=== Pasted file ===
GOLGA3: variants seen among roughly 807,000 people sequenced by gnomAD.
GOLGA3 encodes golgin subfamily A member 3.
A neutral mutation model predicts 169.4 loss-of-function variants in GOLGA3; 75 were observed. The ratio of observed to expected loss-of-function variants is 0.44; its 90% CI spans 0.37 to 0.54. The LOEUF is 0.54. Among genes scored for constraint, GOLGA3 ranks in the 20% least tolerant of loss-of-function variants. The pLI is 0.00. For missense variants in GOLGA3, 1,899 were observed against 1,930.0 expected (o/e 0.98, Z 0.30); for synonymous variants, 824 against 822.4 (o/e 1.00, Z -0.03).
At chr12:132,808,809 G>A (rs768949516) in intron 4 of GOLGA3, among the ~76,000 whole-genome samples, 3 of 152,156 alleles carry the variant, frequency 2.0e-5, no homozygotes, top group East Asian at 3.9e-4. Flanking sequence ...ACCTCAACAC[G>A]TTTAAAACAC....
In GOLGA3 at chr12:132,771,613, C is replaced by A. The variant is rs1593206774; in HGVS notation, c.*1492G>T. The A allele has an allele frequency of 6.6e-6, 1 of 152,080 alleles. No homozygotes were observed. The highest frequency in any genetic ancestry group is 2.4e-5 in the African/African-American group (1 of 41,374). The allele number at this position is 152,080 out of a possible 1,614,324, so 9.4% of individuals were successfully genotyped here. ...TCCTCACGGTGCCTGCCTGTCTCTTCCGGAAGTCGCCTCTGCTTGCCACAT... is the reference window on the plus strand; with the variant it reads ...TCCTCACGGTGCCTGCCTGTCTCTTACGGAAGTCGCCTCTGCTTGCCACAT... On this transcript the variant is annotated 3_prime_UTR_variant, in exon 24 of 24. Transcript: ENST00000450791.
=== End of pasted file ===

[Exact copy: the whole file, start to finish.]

GOLGA3: variants seen among roughly 807,000 people sequenced by gnomAD.
GOLGA3 encodes golgin subfamily A member 3.
A neutral mutation model predicts 169.4 loss-of-function variants in GOLGA3; 75 were observed. The ratio of observed to expected loss-of-function variants is 0.44; its 90% CI spans 0.37 to 0.54. The LOEUF is 0.54. Among genes scored for constraint, GOLGA3 ranks in the 20% least tolerant of loss-of-function variants. The pLI is 0.00. For missense variants in GOLGA3, 1,899 were observed against 1,930.0 expected (o/e 0.98, Z 0.30); for synonymous variants, 824 against 822.4 (o/e 1.00, Z -0.03).
At chr12:132,808,809 G>A (rs768949516) in intron 4 of GOLGA3, among the ~76,000 whole-genome samples, 3 of 152,156 alleles carry the variant, frequency 2.0e-5, no homozygotes, top group East Asian at 3.9e-4. Flanking sequence ...ACCTCAACAC[G>A]TTTAAAACAC....
In GOLGA3 at chr12:132,771,613, C is replaced by A. The variant is rs1593206774; in HGVS notation, c.*1492G>T. The A allele has an allele frequency of 6.6e-6, 1 of 152,080 alleles. No homozygotes were observed. The highest frequency in any genetic ancestry group is 2.4e-5 in the African/African-American group (1 of 41,374). The allele number at this position is 152,080 out of a possible 1,614,324, so 9.4% of individuals were successfully genotyped here. ...TCCTCACGGTGCCTGCCTGTCTCTTCCGGAAGTCGCCTCTGCTTGCCACAT... is the reference window on the plus strand; with the variant it reads ...TCCTCACGGTGCCTGCCTGTCTCTTACGGAAGTCGCCTCTGCTTGCCACAT... On this transcript the variant is annotated 3_prime_UTR_variant, in exon 24 of 24. Transcript: ENST00000450791.